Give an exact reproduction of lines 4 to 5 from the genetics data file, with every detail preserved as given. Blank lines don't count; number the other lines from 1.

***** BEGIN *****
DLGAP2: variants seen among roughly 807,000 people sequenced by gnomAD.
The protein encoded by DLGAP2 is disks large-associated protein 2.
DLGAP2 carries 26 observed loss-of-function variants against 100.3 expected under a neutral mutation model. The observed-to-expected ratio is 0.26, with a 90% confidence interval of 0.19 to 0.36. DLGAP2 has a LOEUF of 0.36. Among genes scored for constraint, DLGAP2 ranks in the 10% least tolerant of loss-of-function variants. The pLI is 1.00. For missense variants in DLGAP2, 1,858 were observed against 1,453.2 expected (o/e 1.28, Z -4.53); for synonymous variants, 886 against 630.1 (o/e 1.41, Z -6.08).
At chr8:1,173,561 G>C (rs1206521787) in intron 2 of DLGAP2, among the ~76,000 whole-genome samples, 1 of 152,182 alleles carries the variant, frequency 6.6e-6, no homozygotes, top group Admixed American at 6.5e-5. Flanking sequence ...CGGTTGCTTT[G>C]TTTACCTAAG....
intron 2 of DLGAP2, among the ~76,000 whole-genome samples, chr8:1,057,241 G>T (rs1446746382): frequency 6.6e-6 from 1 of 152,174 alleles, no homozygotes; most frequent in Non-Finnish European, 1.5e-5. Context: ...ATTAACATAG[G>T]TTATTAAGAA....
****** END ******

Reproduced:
At chr8:1,173,561 G>C (rs1206521787) in intron 2 of DLGAP2, among the ~76,000 whole-genome samples, 1 of 152,182 alleles carries the variant, frequency 6.6e-6, no homozygotes, top group Admixed American at 6.5e-5. Flanking sequence ...CGGTTGCTTT[G>C]TTTACCTAAG....
intron 2 of DLGAP2, among the ~76,000 whole-genome samples, chr8:1,057,241 G>T (rs1446746382): frequency 6.6e-6 from 1 of 152,174 alleles, no homozygotes; most frequent in Non-Finnish European, 1.5e-5. Context: ...ATTAACATAG[G>T]TTATTAAGAA....